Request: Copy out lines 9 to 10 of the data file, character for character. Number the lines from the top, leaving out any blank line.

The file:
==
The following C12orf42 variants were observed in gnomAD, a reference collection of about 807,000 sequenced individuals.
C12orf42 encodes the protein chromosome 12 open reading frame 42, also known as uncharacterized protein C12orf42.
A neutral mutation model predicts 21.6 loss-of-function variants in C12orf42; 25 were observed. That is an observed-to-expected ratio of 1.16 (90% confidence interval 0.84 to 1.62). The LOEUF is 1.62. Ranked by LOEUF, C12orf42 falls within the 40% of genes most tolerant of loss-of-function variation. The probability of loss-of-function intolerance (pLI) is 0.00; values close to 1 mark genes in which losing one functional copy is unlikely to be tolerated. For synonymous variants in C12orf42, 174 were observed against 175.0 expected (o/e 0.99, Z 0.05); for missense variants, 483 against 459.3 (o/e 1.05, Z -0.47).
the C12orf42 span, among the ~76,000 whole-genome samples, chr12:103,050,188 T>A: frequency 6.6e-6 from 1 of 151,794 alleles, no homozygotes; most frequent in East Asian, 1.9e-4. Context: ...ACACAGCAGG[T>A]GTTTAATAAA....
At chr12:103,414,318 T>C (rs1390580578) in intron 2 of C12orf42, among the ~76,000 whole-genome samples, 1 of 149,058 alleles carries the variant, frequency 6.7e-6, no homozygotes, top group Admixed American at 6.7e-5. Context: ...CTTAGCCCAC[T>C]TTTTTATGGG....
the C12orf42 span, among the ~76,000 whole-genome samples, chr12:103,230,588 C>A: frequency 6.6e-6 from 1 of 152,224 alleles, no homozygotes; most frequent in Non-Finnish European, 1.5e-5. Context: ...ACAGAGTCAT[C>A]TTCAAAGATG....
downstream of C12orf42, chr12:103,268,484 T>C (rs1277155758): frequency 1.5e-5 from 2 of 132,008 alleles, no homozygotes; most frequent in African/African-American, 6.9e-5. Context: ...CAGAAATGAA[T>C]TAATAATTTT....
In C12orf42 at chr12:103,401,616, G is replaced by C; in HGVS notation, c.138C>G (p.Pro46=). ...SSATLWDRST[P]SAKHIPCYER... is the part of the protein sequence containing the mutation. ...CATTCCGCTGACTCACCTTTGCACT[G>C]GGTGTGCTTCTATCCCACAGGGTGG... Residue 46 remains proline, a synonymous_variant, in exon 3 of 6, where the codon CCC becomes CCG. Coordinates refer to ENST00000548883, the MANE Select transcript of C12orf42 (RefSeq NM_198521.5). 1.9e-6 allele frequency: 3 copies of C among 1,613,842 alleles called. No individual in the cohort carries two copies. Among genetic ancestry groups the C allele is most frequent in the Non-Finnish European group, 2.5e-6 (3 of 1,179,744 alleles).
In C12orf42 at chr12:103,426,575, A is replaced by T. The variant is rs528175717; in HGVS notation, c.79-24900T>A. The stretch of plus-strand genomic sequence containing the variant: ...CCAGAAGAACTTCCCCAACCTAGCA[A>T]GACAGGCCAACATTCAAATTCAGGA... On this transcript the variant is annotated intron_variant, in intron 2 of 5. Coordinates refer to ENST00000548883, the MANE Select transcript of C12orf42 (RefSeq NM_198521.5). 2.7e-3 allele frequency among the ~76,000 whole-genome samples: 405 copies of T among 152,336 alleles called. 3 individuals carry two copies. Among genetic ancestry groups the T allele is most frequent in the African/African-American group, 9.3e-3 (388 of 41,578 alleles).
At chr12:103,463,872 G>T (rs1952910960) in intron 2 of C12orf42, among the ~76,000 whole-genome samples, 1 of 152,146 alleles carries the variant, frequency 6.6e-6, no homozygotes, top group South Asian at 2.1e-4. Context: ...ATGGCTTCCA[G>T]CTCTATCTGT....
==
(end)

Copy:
In C12orf42 at chr12:103,426,575, A is replaced by T. The variant is rs528175717; in HGVS notation, c.79-24900T>A. The stretch of plus-strand genomic sequence containing the variant: ...CCAGAAGAACTTCCCCAACCTAGCA[A>T]GACAGGCCAACATTCAAATTCAGGA... On this transcript the variant is annotated intron_variant, in intron 2 of 5. Coordinates refer to ENST00000548883, the MANE Select transcript of C12orf42 (RefSeq NM_198521.5). 2.7e-3 allele frequency among the ~76,000 whole-genome samples: 405 copies of T among 152,336 alleles called. 3 individuals carry two copies. Among genetic ancestry groups the T allele is most frequent in the African/African-American group, 9.3e-3 (388 of 41,578 alleles).
At chr12:103,463,872 G>T (rs1952910960) in intron 2 of C12orf42, among the ~76,000 whole-genome samples, 1 of 152,146 alleles carries the variant, frequency 6.6e-6, no homozygotes, top group South Asian at 2.1e-4. Context: ...ATGGCTTCCA[G>T]CTCTATCTGT....